For Devji too, it is humanity rather than national groups or ethnic identities that is the central agent of today's globalised world. If that fact is not yet clear, it is because we lack political institutions that would give this humanity a voice: even international organisations like the UN mostly serve as a platform for the policies of its member states. Devji argues that al-Qaeda militants - along with the humanitarian and relief groups that are their "intellectual peers" - have stepped into this void and fashioned themselves as spokesmen for mankind at large (whose suffering happens to be most vividly represented by spectacles of Muslim humiliation). In Devji's words, "Arguments about humanity take precedence in this rhetoric over the scriptural citations whose medieval exoticism has seduced so many of those studying al Qa'eda."
Al Qa'eda's attempt to pitch its message beyond the institutions of the moment and to speak for the sufferings of mankind at large is what recalls for Devji the example of Gandhi. But this is also where his argument begins to lose plausibility. For Devji, Gandhi is the great example of sacrificial humanitarianism. His non-violent campaigns for self-rule and non-cooperation exposed the narrowness of existing political institutions. He conceived of resistance as an ethical practice of sacrifice, or withdrawal, rather than as a direct engagement with the British colonial administration. And in this way, writes Devji, Gandhi can be seen "to provide an example for militant Muslims... because he addressed political parties and states without ever assuming the membership of such institutions, or making them the framework for his own actions."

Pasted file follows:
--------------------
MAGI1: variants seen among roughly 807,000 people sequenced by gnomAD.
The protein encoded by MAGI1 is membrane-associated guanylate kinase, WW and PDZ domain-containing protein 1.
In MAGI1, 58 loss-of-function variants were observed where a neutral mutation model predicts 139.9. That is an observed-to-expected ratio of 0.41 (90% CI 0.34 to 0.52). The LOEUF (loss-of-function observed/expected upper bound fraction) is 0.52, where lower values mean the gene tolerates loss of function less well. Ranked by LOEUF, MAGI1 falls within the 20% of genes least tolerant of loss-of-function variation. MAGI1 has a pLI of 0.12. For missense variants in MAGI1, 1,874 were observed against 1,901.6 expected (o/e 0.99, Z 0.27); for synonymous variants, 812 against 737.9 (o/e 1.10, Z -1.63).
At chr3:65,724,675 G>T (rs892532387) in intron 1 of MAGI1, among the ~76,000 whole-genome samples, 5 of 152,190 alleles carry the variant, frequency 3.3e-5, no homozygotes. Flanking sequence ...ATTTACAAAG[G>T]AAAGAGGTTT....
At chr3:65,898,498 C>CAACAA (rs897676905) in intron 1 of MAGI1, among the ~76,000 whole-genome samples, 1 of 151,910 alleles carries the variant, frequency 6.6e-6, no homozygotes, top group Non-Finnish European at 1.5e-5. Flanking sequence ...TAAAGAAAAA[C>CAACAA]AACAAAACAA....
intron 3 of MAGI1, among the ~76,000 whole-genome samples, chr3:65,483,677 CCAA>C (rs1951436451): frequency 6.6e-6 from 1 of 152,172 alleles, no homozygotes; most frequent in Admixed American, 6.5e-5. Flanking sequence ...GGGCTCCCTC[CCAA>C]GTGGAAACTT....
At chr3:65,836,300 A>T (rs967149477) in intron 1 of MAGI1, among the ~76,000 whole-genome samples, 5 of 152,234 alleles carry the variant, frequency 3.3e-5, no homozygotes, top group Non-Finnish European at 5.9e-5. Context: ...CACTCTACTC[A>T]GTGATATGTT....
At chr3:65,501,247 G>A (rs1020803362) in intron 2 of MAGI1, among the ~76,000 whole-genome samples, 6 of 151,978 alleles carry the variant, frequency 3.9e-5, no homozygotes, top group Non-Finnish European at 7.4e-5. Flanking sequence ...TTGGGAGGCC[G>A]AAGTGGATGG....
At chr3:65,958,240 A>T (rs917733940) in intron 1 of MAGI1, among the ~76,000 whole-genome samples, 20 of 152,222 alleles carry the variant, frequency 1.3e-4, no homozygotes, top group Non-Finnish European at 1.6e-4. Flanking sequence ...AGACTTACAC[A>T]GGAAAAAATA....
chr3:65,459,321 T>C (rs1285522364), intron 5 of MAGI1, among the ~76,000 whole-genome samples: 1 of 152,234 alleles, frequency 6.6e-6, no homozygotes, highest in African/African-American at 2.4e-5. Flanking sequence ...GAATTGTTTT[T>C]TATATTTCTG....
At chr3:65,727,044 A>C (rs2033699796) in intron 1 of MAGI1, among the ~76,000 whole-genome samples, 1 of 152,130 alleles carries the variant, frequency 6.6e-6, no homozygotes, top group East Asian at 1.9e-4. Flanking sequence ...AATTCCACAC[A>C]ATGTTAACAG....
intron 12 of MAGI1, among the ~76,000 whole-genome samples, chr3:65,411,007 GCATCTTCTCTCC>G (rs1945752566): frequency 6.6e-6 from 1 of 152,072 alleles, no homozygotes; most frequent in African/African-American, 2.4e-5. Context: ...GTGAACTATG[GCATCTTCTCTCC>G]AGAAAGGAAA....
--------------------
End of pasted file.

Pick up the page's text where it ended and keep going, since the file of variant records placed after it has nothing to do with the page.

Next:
But it is not clear, in the first place, how Gandhi can be construed "to provide an example" for the jihadis when they themselves have never taken any interest in him. If Gandhi's relation to them is not one of influence, however broadly understood, then what is it? This is never clear. More importantly, Devji's focus on the humanitarian aspects of both these movements seems one-sided. Gandhi was of course a nationalist politician as much as he was a spokesman for the universal value of sacrifice, though Devji gives us only the latter version. And while al Qa'eda's militants do occasionally adopt the aggrieved tones of a wounded humanitarianism, this should be chalked up to their hodgepodge rhetoric - where pan-Islamist sentiment and Third Worldism are mixed with human rights talk - which Devji elsewhere describes so well. To claim that, "Arguments about humanity take precedence in this rhetoric over the scriptural citations" is misleading. Scriptural citations and Islamic references are at the core of al Qa'eda's discourse (which does not make it exotic or backward-looking). Reading Devji, however, one gets the sense of al-Qaeda as a hyper-cosmopolitan group, whose religious rhetoric is only a kind of lip service paid by these new Muslims to the hidebound religion of their fathers. For Devji, al-Qaeda is "aligned with the future," and its actions are harbingers of "a politics yet to come."